Reserve requirements are yet another tool that the Central bank of England uses to regulate the amount of money that circulates in the UK economy.  This occurs when the central bank requires the commercial banks to hold a certain proportion of their liabilities as cash with them.  In cases where the Bank of England wants to reduce the amounts of money circulating in the UK economy, it increases the reserve requirement rate, which in turn stimulates the commercial banks to have less money in circulation, and vice versa.  This requirement is meant to prevent banks from lending very high amounts of money, which could lead to them suffering from bank runs.

The Bank of England may require that all or part of local currency be converted to foreign exchange.  This is also known as the foreign exchange swap and aims at strengthening the local currency against the foreign currency.  The bank may further set the exchange rate for currency in these circumstances or exchange them for the market rates.  This system is rarely used since UK’s currency is relatively stable and convertible, but due to the credit crunch, the bank of England entered into agreements with the Swiss Central and European Central banks, to use foreign currency.

Debt swaps are another tool that the Bank of England uses to mitigate the risks to the economy.  This is the exchange of debts owed by commercial banks with treasury bills, to mitigate the effects that the debts have on such banks.  The bank of England announced a plan, early this year to swap $100 billion worth of securities which are mortgage backed, in exchange for treasury bills.  This was done with an aim of encouraging lending practices for banks to resume, thus countering the US mortgage crisis.  Losses that are attributed to assets swapped were absorbed by the Bank of England and not passed to taxpayers.

 Conclusion and recommendation.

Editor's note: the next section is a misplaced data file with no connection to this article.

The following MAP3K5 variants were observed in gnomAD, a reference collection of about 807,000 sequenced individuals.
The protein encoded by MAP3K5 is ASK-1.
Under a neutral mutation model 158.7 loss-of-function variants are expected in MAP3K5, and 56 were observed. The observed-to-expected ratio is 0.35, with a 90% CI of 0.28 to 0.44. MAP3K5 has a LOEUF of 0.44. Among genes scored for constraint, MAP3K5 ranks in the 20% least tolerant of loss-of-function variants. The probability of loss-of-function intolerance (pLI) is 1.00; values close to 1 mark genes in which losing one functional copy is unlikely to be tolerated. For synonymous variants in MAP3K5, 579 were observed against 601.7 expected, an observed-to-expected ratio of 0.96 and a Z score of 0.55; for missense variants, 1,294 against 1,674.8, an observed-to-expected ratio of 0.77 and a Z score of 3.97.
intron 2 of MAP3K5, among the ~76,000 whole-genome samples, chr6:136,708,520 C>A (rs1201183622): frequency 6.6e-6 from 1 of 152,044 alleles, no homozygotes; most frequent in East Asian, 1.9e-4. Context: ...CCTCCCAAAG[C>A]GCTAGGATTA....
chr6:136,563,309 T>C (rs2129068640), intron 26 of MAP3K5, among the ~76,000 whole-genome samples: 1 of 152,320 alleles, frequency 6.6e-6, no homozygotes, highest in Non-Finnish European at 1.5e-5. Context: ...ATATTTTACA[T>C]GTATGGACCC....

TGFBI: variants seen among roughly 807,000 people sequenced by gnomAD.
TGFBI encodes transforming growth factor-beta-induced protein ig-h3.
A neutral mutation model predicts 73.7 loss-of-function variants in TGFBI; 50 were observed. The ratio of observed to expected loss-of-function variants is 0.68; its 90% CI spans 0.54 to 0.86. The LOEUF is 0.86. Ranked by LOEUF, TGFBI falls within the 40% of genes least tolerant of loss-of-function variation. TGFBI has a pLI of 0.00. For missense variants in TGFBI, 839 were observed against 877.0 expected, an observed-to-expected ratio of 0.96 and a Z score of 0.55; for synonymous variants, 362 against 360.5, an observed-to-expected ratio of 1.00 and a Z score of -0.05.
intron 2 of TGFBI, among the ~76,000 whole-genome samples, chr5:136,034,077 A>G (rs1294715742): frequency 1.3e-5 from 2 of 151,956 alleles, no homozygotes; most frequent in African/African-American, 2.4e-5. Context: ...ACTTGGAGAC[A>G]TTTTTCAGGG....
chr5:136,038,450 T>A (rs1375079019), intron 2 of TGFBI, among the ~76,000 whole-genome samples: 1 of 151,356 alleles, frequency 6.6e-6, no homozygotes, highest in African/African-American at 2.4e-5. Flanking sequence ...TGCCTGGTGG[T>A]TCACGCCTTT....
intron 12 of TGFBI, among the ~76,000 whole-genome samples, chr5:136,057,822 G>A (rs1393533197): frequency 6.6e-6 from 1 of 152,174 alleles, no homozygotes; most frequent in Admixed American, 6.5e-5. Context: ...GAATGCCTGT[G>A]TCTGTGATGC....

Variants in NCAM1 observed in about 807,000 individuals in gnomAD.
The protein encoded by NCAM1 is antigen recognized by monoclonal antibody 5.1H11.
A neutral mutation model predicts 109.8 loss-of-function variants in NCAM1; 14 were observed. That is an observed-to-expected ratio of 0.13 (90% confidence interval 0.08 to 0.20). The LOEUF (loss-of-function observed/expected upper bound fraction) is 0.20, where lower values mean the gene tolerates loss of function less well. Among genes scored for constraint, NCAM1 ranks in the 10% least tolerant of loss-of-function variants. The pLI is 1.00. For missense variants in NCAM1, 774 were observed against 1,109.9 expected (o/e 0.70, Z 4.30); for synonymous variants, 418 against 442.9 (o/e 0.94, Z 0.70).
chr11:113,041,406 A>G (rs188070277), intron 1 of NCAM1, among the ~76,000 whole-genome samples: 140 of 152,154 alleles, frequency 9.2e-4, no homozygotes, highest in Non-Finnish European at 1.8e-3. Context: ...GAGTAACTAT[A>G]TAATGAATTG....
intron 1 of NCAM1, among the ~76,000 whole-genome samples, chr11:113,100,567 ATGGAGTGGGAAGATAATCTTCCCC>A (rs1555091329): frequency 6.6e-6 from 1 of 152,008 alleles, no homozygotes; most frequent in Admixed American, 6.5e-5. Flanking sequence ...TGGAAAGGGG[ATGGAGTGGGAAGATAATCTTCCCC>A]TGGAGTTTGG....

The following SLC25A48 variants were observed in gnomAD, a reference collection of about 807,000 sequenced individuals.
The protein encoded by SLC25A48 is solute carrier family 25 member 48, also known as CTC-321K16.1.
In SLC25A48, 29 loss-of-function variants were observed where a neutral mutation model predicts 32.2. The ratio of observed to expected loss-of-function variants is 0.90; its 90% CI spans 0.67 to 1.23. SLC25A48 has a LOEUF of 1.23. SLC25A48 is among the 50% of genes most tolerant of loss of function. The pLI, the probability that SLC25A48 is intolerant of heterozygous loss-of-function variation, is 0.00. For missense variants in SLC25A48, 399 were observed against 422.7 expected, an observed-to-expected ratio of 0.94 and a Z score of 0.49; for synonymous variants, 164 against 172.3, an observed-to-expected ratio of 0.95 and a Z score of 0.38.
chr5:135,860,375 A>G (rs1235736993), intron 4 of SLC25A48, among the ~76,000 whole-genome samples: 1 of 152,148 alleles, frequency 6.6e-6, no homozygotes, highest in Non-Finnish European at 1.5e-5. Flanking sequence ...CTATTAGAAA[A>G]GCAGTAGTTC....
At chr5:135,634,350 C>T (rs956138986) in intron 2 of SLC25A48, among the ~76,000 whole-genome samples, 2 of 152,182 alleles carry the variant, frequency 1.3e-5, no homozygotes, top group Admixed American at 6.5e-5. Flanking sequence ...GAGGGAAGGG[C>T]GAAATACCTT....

The British government and the Bank of England appear to be hesitant in mitigating the risks caused by the credit crunch.  This is a bad sign since it does not motivate investors, who are relying on the government and central bank to protect them from the adverse effects of the crunch.  The government should move with speed to reassure investors, since if they pull out their investments, the British economy will suffer.  The Bank of England on the other hand should influence the interest rates to go down, so that home owners may be able to afford to pay for their homes.  They can apply a combination of the instruments earlier discussed to bring down the interest rates.

The British government made a wrong decision in scrapping the 10p starting tax rate.  The damage can only be resolved by restitution of the affected people to their original state.  This can be achieved by giving working tax credit to those aged below 25, and also the people who work for less than thirty hours.  This will however be expensive, with some experts estimating it to cost £2.2 billion.  Another alternative would be to increase the working tax credit by 50% for the single people who are childless, which may cost close to £600 million.  In future, the government should carefully weigh the implications of decisions before making them.

Bibliography.

Davidson, A. How the City Really Works: The Definitive Guide to Money and Investing in London’s Square Mile. Kogan Page Publishers, 2008.

Disney, R. The abolition of the earnings rule for UK pensioners.  Journal of business. Retrieved on November 4, 2008 from <eprint.ucl.ac.uk> 2008.

OECD. OECD Economic Surveys: United Kingdom.  OECD Publishing. 2007.

[1]          Davidson, A. How the City Really Works: The Definitive Guide to Money and Investing in   London’s Square Mile. (Kogan Page Publishers, 2008), 46-58.

[2]          Disney, R. The abolition of the earnings rule for UK pensioners.  Journal of business. (Retrieved on November 4, 2008 from <eprint.ucl.ac.uk> 2008), 2-8.

[3]            OECD. OECD Economic Surveys: United Kingdom

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.  (OECD Publishing. 2007), 22-29.